Tuesday, Apr 24, 2018
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School levy proposals get rough reception at area polls

HAMLER, Ohio - Patrick Henry schools yesterday rejected two bond issue requests that would have raised nearly $5 million to build a middle school and improve two elementary school buildings. A similar proposal was defeated in November.

The 1.01-mill levy would have paid for improvements to Deshler Elementary and Malinta-Grelton Elementary. The other request, a 2.65-mill bond issue, plus an additional 0.5-mill, would have paid for the local share of construction and maintenance of a new middle school. The remainder of the project would have been paid by funds provided by the Ohio School Facilities Commission.

In other elections:

Residents in the nearby Liberty Center Local district narrowly passed their levy request.

On the third attempt in the last nine months, voters agreed to pay for a 1.51-mill tax that will raise $1.7 million to finish the Edward Harvey Parker Spring Sports Complex. The complex is about one-third completed on 18 acres donated by the Parker family.

The money was needed to complete the project, which will consist of an eight-lane, all-weather track with bleachers and a press box, a boys' baseball field and girls' softball diamond, an expanded parking lot, and a concession stand.

Voters in the Eastwood Local school district rejected an 8.9-mill replacement levy for the second time this year. The five-year operating levy was voted down in a special election in February.

The operating levy would have replaced an existing levy approved in 1996. It would have generated $1.5 million annually, about $500,000 more than the current levy, which expires Dec. 31.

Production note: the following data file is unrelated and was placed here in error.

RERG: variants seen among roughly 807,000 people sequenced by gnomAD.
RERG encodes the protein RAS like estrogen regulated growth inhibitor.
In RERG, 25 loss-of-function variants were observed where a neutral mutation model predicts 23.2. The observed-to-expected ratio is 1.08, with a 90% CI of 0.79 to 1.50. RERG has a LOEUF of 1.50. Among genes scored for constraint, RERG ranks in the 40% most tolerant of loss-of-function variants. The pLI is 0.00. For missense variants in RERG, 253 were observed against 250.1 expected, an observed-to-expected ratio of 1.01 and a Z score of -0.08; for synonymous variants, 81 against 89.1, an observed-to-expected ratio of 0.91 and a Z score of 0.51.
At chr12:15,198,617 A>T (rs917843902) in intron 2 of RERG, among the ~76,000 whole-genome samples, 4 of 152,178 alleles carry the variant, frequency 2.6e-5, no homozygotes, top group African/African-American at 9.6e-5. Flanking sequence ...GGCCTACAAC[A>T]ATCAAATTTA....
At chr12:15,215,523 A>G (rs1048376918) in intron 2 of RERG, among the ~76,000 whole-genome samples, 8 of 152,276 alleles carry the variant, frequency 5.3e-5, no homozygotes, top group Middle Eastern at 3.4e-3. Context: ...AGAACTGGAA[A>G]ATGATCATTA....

District officials said the levy was needed to generate more money to keep up with system expenses. The Wood County school district includes the communities of Luckey and Pemberville.

Voters in Wood County's Lake Local school district rejected a five year, 1.4-mill permanent improvement levy that would have generated about $66,600 more than the existing levy. The vote was 479 against to 306 in favor. Money generated from the levy is used to maintain buildings and facilities.

In Williams County, voters in the Bryan school district overwhelmingly defeated a five-year, 12.5-mill request to raise an additional $3.56 million annually to offset a projected $1 million deficit. It also would have funded the creation of an alternative, afternoon program in the high school, paid for a full-time curriculum director, and funded construction of classrooms, among other improvements.

There will be shiny new yellow buses bringing students to Evergreen schools. Voters approved a 2.4-mill, five-year replacement tax levy that will pay for the buses and other equipment and instrument purchases.

Delta will not have a new library in the wake of the defeat of a 2.53-mill bond issue to raise $3.4 million to construct a new building, an issue that was defeated in a previous election.

In Ridge Township in Van Wert County, voters defeated a proposal to pay for fire protection.

Fire protection for nearly 700 residents depended on passage of the levy, officials said. They are covered by the Van Wert fire department, but the city raised its rates last year. The city made a pact to cover the township even though it hadn't paid the higher fee, but said the township had to pass a tax proposal in 2001 to cover the cost.

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